5. nilats 5

    Meanwhile the left will expect further entitlements for bludgers (like a lot of the marchers) and we have to now find new ways of finding the dough. We cannot borrow forever.
    Mining wages are higher than normal but deciples at this site are against higher wages it seems. Seems The Standard writers want to see wages drop.

    We should mine more and get the country exporting more. There is money to be made, despite what Farty G keeps saying. Income tax, GST, local business opportunities, some royalties, corporate tax etc. We cannot just rely on Milk.

    Fuck green issues, that is not the utopia and it should only be a consideration, not the final say.

    But the pity is Key seems to listen to moaning greenies more than his core base (ETS & S59).

    • r0b 5.1

      Key only governs with the consent of a big chunk of those moaning greenies. He can’t piss them off. He can piss you off all he likes because you won’t do anything about it.

    • Roger 5.2

      “Meanwhile the left will expect further entitlements for bludgers (like a lot of the marchers)”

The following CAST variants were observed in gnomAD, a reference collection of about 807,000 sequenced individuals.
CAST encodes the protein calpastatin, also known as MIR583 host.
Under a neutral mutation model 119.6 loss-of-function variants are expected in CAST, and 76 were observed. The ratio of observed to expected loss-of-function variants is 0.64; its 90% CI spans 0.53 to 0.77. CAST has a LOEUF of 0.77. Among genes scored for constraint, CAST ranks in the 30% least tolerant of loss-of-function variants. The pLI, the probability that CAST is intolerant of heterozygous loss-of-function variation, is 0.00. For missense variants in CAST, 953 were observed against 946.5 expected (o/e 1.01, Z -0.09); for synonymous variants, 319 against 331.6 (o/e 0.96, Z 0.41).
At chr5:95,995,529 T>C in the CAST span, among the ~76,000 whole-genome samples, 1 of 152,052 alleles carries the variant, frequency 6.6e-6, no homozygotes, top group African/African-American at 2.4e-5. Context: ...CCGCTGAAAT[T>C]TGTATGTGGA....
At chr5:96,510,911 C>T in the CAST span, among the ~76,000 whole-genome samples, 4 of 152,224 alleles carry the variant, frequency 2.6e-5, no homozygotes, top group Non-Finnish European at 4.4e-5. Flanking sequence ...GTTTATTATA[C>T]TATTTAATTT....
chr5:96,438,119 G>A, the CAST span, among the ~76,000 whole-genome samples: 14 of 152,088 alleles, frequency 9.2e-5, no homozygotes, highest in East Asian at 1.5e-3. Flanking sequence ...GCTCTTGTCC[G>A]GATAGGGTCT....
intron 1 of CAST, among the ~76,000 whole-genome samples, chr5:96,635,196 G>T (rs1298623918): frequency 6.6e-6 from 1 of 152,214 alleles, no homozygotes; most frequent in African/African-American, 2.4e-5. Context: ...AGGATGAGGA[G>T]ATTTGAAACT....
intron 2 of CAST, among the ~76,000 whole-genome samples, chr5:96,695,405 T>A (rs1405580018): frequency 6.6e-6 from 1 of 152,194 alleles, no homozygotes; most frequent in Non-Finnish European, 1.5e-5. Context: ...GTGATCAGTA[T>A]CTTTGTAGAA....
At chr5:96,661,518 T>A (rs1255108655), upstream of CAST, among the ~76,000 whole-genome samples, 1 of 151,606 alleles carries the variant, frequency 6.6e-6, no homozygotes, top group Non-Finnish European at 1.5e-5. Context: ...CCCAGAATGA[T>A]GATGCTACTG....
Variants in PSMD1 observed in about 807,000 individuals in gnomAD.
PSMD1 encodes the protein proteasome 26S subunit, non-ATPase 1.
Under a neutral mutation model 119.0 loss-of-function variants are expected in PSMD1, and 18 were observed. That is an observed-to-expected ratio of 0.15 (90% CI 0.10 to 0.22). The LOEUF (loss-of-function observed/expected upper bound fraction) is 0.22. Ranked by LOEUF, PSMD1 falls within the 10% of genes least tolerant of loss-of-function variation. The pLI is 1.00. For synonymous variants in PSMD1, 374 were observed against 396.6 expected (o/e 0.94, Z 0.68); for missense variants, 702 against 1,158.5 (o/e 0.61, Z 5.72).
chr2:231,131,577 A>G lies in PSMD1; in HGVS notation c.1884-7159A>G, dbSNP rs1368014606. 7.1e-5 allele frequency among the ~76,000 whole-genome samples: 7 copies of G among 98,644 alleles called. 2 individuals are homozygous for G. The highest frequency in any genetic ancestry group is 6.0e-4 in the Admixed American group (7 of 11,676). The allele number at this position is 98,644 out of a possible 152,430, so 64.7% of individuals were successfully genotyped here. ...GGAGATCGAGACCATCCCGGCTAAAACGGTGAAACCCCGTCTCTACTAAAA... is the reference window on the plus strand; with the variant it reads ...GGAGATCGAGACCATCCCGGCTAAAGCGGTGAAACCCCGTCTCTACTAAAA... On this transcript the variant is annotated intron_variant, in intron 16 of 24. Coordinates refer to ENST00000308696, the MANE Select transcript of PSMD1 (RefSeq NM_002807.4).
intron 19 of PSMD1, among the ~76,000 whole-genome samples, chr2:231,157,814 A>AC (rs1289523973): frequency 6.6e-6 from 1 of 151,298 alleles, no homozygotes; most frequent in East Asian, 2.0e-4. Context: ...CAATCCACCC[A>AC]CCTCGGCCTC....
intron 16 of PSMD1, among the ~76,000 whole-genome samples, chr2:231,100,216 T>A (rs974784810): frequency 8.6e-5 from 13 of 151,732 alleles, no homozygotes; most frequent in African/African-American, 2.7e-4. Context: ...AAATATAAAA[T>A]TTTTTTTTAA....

Can you cite a reference that suggests that the marchers were bludgers?

      “Mining wages are higher than normal but deciples at this site are against higher wages it seems.”

      And people can earn those higher wages on the 87% of New Zealand that is not on Scedule 4 Conservation land.

      “Fuck green issues”

      Yeah that’s right, fuck our tourism industry!!! Hahahaha

      Money shouldn’t be the final say either, just a consideration. Considering the low level of royalties, and the fact that overseas companies were going to do the mining, and the posibility that the government was going to subsidize the surveying suggests that too much money would have been siphoned off overseas during this once only smash and grab of our resources.

    • Ari 5.3

      If you don’t want to talk about green issues, there are quite a few other posts here where you don’t have to.

      What you just did is the equivalent of busting into a bar and demanding everyone stop talking about drinks.

    • Carol 5.4

      I can’t speak for all the marchers, but I was one of the marchers, living off my own earned income. It looked to me that a large number of the marchers were working people. Please don’t call us bludgers with no evidence.